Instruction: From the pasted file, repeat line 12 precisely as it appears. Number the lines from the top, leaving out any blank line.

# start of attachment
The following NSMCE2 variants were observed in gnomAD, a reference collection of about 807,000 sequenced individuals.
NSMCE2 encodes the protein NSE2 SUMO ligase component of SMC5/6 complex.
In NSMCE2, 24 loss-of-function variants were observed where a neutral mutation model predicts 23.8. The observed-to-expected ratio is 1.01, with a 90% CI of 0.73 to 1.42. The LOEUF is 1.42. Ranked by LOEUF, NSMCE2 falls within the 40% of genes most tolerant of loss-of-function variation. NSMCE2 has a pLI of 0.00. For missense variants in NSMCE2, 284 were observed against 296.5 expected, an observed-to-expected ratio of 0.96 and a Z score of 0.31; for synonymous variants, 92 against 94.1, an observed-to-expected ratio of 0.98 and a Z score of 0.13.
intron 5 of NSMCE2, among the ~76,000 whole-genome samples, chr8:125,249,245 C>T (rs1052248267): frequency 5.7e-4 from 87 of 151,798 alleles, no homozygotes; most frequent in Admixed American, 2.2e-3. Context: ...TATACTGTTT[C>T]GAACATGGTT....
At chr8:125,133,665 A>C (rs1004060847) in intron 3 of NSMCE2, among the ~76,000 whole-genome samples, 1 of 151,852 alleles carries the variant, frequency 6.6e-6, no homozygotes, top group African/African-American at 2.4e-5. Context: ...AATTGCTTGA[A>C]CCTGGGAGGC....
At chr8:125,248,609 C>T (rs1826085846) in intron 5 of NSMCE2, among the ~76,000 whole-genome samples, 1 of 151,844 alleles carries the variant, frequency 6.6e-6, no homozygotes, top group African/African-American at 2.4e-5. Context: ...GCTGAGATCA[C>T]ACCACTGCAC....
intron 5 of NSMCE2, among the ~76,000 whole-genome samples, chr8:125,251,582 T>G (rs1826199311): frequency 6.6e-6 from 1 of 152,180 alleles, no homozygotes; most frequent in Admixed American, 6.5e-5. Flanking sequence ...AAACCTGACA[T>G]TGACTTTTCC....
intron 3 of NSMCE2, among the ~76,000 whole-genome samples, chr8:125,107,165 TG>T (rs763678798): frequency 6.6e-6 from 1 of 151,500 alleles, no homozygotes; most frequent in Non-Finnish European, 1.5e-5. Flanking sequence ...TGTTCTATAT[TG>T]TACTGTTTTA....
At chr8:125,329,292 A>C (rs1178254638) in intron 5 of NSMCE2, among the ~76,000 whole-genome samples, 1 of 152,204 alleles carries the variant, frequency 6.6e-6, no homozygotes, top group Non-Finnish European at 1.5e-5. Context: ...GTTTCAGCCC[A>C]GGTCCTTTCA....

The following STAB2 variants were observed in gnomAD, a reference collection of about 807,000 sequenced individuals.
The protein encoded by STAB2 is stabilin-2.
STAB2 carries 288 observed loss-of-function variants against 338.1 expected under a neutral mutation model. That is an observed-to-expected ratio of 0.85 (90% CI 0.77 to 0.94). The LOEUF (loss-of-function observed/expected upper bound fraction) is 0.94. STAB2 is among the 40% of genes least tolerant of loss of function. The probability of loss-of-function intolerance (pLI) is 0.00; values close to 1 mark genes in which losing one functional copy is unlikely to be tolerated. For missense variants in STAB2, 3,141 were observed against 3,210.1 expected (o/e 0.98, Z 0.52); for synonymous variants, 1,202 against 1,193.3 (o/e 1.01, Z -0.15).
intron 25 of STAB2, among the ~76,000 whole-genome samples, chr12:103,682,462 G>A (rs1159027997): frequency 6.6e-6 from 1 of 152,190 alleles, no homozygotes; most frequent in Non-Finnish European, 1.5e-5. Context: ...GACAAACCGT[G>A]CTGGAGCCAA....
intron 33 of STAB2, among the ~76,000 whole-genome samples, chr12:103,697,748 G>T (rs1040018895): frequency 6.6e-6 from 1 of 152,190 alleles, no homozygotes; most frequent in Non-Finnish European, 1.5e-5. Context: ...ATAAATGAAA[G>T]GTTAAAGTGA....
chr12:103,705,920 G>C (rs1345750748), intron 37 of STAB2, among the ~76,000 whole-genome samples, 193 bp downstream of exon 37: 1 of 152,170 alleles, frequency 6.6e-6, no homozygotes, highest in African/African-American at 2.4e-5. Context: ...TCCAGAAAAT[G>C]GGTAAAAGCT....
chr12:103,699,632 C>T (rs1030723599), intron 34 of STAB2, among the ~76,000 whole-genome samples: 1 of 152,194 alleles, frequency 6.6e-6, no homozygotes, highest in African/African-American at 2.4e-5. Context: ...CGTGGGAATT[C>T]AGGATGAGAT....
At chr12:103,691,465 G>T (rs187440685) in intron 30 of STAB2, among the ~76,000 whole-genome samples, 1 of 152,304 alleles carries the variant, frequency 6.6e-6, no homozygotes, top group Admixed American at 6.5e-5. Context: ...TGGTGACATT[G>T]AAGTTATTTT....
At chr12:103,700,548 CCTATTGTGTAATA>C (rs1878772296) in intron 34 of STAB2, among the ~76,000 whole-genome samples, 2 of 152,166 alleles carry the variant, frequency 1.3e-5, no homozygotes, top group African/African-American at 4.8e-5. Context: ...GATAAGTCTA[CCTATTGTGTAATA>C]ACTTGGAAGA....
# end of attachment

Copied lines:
STAB2 carries 288 observed loss-of-function variants against 338.1 expected under a neutral mutation model. That is an observed-to-expected ratio of 0.85 (90% CI 0.77 to 0.94). The LOEUF (loss-of-function observed/expected upper bound fraction) is 0.94. STAB2 is among the 40% of genes least tolerant of loss of function. The probability of loss-of-function intolerance (pLI) is 0.00; values close to 1 mark genes in which losing one functional copy is unlikely to be tolerated. For missense variants in STAB2, 3,141 were observed against 3,210.1 expected (o/e 0.98, Z 0.52); for synonymous variants, 1,202 against 1,193.3 (o/e 1.01, Z -0.15).